Healthy ageing is a life-long project – experts discuss how to implement healthy-ageing policies

Sjef Prins van Apa fotografie

Thirty-four Member States participated in the first European meeting of national experts on ageing policies held in Utrecht, the Netherlands, on 16−17 December 2013. The meeting brought together a network of international policy makers who, in collaboration with WHO are working to bring the WHO strategy and action plan for healthy ageing to life at the national level. Future activities will cover the following four strategic areas for action:

  • ageing over the life-course;
  • age-friendly, supportive environments at all levels of government;
  • people-centered health systems for ageing populations;
  • gaps in evidence and research.

Participants discussed national action in core action areas

The core action areas include: promotion of physical activity and prevention of falls; vaccination against and control of infectious diseases; public support for home care and self-care; capacity building in geriatrics and gerontology within the medical and other health professions; prevention of social isolation; integration and quality of care, including care for people with dementia.

The newly formed network of policy experts for healthy ageing voted the following priority topics for collaboration with WHO: effective governance across all levels; public support to enable people to live at home as long as possible; and the promotion of physical activity.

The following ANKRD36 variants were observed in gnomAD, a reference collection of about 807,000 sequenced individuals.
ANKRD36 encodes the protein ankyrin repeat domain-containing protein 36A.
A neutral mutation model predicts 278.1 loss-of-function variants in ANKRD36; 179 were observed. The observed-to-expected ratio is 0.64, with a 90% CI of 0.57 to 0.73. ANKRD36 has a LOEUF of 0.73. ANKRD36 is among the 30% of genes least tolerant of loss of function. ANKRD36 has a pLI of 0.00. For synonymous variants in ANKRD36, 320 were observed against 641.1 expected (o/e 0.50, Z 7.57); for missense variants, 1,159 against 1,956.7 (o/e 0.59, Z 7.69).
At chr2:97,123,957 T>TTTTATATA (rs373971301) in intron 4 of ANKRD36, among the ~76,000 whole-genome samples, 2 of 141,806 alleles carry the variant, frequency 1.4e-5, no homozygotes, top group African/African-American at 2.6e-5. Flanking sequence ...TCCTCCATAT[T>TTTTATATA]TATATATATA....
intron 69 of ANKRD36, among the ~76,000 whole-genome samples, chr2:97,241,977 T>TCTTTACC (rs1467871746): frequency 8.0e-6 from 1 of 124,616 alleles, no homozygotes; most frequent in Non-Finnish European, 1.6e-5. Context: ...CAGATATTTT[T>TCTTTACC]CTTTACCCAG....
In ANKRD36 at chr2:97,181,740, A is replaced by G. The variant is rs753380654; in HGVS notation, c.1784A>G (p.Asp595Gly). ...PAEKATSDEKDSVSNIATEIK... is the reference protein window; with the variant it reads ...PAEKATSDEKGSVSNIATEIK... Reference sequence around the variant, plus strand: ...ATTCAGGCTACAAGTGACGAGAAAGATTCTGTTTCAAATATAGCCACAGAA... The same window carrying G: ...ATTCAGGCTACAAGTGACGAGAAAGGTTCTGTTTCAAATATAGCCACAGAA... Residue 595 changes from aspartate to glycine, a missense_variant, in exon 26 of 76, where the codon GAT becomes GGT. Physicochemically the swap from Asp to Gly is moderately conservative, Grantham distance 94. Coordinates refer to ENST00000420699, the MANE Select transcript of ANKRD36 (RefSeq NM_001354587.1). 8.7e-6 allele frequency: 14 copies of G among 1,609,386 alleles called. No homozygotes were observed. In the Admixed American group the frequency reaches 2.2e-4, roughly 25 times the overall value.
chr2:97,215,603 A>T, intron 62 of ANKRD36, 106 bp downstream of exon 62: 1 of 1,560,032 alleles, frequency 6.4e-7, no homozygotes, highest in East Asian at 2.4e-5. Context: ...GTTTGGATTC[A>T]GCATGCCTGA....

National examples of good practice pave the way for further progress

Participants shared the same opportunities and challenges in developing and implementing integrated strategies and action for healthy ageing. Some of the key points raised included:

  • better assessing older citizens’ requirements, and providing more guidance for carers on managing self-care and fostering their skills;
  • improving the environments of and support for carers;
  • improving access to good quality services by reducing inequalities and barriers, and through better risk assessment;
  • moving from a care-for-the-old-and-frail approach to a more holistic approach empowering people across the life-course to stay healthy for as long as possible;
  • monitoring the impact of policy changes, and filling the gaps in evidence required for policy-making, such as that on the health trends and the functional status of ageing populations;
  • empowering local authorities to step up implementation;
  • collaborating successfully for cross-sectoral action, and encouraging private and voluntary action (in accordance with the principles of Health 2020, the overarching policy framework for health and well-being in Europe);
  • estimating the need for specialists in geriatrics;
  • examining the role of innovation and technology in improving the situation of seniors;
  • assessing the impact of the financial crisis on the lives of older people (an increasing number having to choose between medicine, heating and adequate food);
  • assessing the impact of dementia on ageing populations and their carers (the estimated number of informal carers for each person with dementia being 3−4); and
  • managing polypharmacy.

The meeting was hosted by the Vilans Institute, a centre of expertise in long-term care.